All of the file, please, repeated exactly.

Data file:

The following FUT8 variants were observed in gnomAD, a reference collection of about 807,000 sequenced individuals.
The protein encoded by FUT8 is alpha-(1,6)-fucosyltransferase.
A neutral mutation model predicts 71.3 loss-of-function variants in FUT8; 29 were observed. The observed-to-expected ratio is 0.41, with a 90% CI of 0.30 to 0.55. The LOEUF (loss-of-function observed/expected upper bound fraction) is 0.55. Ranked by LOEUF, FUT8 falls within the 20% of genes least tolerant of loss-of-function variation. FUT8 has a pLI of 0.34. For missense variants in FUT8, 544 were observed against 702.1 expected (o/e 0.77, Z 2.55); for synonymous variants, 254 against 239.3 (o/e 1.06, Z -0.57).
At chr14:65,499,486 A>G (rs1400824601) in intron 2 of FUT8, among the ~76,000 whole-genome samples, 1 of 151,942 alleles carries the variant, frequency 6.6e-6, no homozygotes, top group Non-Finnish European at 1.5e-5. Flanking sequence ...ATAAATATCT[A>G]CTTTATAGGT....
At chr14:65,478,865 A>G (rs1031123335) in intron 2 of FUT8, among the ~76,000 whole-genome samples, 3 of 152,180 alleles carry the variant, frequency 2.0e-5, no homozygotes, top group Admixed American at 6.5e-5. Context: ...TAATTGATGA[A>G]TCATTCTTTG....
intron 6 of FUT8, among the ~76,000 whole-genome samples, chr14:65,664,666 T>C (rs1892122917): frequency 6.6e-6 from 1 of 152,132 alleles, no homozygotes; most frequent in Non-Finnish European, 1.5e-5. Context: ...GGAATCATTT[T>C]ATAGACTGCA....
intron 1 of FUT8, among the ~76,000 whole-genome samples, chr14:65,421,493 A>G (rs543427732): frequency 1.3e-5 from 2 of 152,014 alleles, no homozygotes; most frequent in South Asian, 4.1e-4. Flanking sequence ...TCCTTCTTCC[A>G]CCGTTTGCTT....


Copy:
The following FUT8 variants were observed in gnomAD, a reference collection of about 807,000 sequenced individuals.
The protein encoded by FUT8 is alpha-(1,6)-fucosyltransferase.
A neutral mutation model predicts 71.3 loss-of-function variants in FUT8; 29 were observed. The observed-to-expected ratio is 0.41, with a 90% CI of 0.30 to 0.55. The LOEUF (loss-of-function observed/expected upper bound fraction) is 0.55. Ranked by LOEUF, FUT8 falls within the 20% of genes least tolerant of loss-of-function variation. FUT8 has a pLI of 0.34. For missense variants in FUT8, 544 were observed against 702.1 expected (o/e 0.77, Z 2.55); for synonymous variants, 254 against 239.3 (o/e 1.06, Z -0.57).
At chr14:65,499,486 A>G (rs1400824601) in intron 2 of FUT8, among the ~76,000 whole-genome samples, 1 of 151,942 alleles carries the variant, frequency 6.6e-6, no homozygotes, top group Non-Finnish European at 1.5e-5. Flanking sequence ...ATAAATATCT[A>G]CTTTATAGGT....
At chr14:65,478,865 A>G (rs1031123335) in intron 2 of FUT8, among the ~76,000 whole-genome samples, 3 of 152,180 alleles carry the variant, frequency 2.0e-5, no homozygotes, top group Admixed American at 6.5e-5. Context: ...TAATTGATGA[A>G]TCATTCTTTG....
intron 6 of FUT8, among the ~76,000 whole-genome samples, chr14:65,664,666 T>C (rs1892122917): frequency 6.6e-6 from 1 of 152,132 alleles, no homozygotes; most frequent in Non-Finnish European, 1.5e-5. Context: ...GGAATCATTT[T>C]ATAGACTGCA....
intron 1 of FUT8, among the ~76,000 whole-genome samples, chr14:65,421,493 A>G (rs543427732): frequency 1.3e-5 from 2 of 152,014 alleles, no homozygotes; most frequent in South Asian, 4.1e-4. Flanking sequence ...TCCTTCTTCC[A>G]CCGTTTGCTT....